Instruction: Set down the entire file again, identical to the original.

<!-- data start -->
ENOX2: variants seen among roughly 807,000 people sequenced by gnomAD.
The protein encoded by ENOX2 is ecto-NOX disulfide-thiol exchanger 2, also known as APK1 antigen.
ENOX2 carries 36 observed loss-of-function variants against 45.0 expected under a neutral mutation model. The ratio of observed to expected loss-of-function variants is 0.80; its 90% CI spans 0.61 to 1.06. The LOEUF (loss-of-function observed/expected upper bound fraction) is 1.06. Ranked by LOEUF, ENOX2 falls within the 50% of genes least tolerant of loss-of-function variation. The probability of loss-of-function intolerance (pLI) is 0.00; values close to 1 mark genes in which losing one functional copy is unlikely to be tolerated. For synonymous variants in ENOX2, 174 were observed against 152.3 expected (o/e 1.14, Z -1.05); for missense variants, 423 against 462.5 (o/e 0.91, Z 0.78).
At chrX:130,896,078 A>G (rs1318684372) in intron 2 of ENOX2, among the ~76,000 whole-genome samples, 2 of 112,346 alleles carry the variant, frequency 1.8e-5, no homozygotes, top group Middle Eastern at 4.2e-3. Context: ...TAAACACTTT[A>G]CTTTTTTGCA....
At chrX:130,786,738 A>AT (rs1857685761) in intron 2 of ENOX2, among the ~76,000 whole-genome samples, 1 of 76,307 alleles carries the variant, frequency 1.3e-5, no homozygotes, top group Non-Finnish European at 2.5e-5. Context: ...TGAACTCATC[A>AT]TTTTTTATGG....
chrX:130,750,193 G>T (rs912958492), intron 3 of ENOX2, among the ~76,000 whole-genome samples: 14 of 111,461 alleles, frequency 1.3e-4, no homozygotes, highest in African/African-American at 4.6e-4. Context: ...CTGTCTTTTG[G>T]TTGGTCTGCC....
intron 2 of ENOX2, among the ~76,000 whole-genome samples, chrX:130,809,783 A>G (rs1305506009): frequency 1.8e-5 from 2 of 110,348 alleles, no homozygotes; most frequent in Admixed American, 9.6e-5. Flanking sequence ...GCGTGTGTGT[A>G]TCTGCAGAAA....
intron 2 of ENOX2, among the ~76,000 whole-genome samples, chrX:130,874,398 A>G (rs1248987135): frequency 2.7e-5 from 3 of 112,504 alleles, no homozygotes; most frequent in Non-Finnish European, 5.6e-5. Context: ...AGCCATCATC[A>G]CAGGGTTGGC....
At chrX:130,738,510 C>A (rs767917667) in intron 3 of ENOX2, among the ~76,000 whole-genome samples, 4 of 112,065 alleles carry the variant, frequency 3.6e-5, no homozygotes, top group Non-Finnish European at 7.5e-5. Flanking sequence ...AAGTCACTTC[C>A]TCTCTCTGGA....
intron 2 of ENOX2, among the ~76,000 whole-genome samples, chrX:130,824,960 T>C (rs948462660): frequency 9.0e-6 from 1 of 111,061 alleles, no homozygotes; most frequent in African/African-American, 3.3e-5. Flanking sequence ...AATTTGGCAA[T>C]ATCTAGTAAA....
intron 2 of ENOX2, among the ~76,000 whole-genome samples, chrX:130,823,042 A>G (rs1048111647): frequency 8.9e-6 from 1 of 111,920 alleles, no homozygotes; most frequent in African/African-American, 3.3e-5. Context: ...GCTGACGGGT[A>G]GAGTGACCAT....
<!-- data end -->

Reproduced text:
ENOX2: variants seen among roughly 807,000 people sequenced by gnomAD.
The protein encoded by ENOX2 is ecto-NOX disulfide-thiol exchanger 2, also known as APK1 antigen.
ENOX2 carries 36 observed loss-of-function variants against 45.0 expected under a neutral mutation model. The ratio of observed to expected loss-of-function variants is 0.80; its 90% CI spans 0.61 to 1.06. The LOEUF (loss-of-function observed/expected upper bound fraction) is 1.06. Ranked by LOEUF, ENOX2 falls within the 50% of genes least tolerant of loss-of-function variation. The probability of loss-of-function intolerance (pLI) is 0.00; values close to 1 mark genes in which losing one functional copy is unlikely to be tolerated. For synonymous variants in ENOX2, 174 were observed against 152.3 expected (o/e 1.14, Z -1.05); for missense variants, 423 against 462.5 (o/e 0.91, Z 0.78).
At chrX:130,896,078 A>G (rs1318684372) in intron 2 of ENOX2, among the ~76,000 whole-genome samples, 2 of 112,346 alleles carry the variant, frequency 1.8e-5, no homozygotes, top group Middle Eastern at 4.2e-3. Context: ...TAAACACTTT[A>G]CTTTTTTGCA....
At chrX:130,786,738 A>AT (rs1857685761) in intron 2 of ENOX2, among the ~76,000 whole-genome samples, 1 of 76,307 alleles carries the variant, frequency 1.3e-5, no homozygotes, top group Non-Finnish European at 2.5e-5. Context: ...TGAACTCATC[A>AT]TTTTTTATGG....
chrX:130,750,193 G>T (rs912958492), intron 3 of ENOX2, among the ~76,000 whole-genome samples: 14 of 111,461 alleles, frequency 1.3e-4, no homozygotes, highest in African/African-American at 4.6e-4. Context: ...CTGTCTTTTG[G>T]TTGGTCTGCC....
intron 2 of ENOX2, among the ~76,000 whole-genome samples, chrX:130,809,783 A>G (rs1305506009): frequency 1.8e-5 from 2 of 110,348 alleles, no homozygotes; most frequent in Admixed American, 9.6e-5. Flanking sequence ...GCGTGTGTGT[A>G]TCTGCAGAAA....
intron 2 of ENOX2, among the ~76,000 whole-genome samples, chrX:130,874,398 A>G (rs1248987135): frequency 2.7e-5 from 3 of 112,504 alleles, no homozygotes; most frequent in Non-Finnish European, 5.6e-5. Context: ...AGCCATCATC[A>G]CAGGGTTGGC....
At chrX:130,738,510 C>A (rs767917667) in intron 3 of ENOX2, among the ~76,000 whole-genome samples, 4 of 112,065 alleles carry the variant, frequency 3.6e-5, no homozygotes, top group Non-Finnish European at 7.5e-5. Flanking sequence ...AAGTCACTTC[C>A]TCTCTCTGGA....
intron 2 of ENOX2, among the ~76,000 whole-genome samples, chrX:130,824,960 T>C (rs948462660): frequency 9.0e-6 from 1 of 111,061 alleles, no homozygotes; most frequent in African/African-American, 3.3e-5. Flanking sequence ...AATTTGGCAA[T>C]ATCTAGTAAA....
intron 2 of ENOX2, among the ~76,000 whole-genome samples, chrX:130,823,042 A>G (rs1048111647): frequency 8.9e-6 from 1 of 111,920 alleles, no homozygotes; most frequent in African/African-American, 3.3e-5. Context: ...GCTGACGGGT[A>G]GAGTGACCAT....